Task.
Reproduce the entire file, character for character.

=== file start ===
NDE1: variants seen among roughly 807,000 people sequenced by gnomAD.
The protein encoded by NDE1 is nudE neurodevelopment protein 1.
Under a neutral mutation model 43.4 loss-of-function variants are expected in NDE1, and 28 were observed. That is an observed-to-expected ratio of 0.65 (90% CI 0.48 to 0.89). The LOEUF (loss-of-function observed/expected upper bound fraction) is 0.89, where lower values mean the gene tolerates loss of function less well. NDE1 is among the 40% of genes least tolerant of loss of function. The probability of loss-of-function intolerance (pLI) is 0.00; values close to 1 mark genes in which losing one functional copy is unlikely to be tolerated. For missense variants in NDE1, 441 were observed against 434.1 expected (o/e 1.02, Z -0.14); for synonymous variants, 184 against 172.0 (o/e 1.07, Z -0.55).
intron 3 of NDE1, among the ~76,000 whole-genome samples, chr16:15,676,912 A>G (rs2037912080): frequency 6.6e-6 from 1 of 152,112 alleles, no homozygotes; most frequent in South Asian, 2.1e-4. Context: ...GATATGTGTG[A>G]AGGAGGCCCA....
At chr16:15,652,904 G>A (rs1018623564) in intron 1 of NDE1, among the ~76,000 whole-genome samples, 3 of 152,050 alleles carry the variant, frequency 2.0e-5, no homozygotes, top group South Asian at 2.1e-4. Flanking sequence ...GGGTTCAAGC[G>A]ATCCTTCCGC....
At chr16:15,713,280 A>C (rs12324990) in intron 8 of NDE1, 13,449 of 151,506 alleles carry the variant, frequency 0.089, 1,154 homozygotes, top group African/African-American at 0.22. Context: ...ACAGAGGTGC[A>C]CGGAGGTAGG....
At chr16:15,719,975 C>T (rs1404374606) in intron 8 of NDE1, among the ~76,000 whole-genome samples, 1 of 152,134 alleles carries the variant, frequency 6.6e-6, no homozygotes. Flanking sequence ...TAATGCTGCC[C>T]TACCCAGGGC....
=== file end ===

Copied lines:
NDE1: variants seen among roughly 807,000 people sequenced by gnomAD.
The protein encoded by NDE1 is nudE neurodevelopment protein 1.
Under a neutral mutation model 43.4 loss-of-function variants are expected in NDE1, and 28 were observed. That is an observed-to-expected ratio of 0.65 (90% CI 0.48 to 0.89). The LOEUF (loss-of-function observed/expected upper bound fraction) is 0.89, where lower values mean the gene tolerates loss of function less well. NDE1 is among the 40% of genes least tolerant of loss of function. The probability of loss-of-function intolerance (pLI) is 0.00; values close to 1 mark genes in which losing one functional copy is unlikely to be tolerated. For missense variants in NDE1, 441 were observed against 434.1 expected (o/e 1.02, Z -0.14); for synonymous variants, 184 against 172.0 (o/e 1.07, Z -0.55).
intron 3 of NDE1, among the ~76,000 whole-genome samples, chr16:15,676,912 A>G (rs2037912080): frequency 6.6e-6 from 1 of 152,112 alleles, no homozygotes; most frequent in South Asian, 2.1e-4. Context: ...GATATGTGTG[A>G]AGGAGGCCCA....
At chr16:15,652,904 G>A (rs1018623564) in intron 1 of NDE1, among the ~76,000 whole-genome samples, 3 of 152,050 alleles carry the variant, frequency 2.0e-5, no homozygotes, top group South Asian at 2.1e-4. Flanking sequence ...GGGTTCAAGC[G>A]ATCCTTCCGC....
At chr16:15,713,280 A>C (rs12324990) in intron 8 of NDE1, 13,449 of 151,506 alleles carry the variant, frequency 0.089, 1,154 homozygotes, top group African/African-American at 0.22. Context: ...ACAGAGGTGC[A>C]CGGAGGTAGG....
At chr16:15,719,975 C>T (rs1404374606) in intron 8 of NDE1, among the ~76,000 whole-genome samples, 1 of 152,134 alleles carries the variant, frequency 6.6e-6, no homozygotes. Flanking sequence ...TAATGCTGCC[C>T]TACCCAGGGC....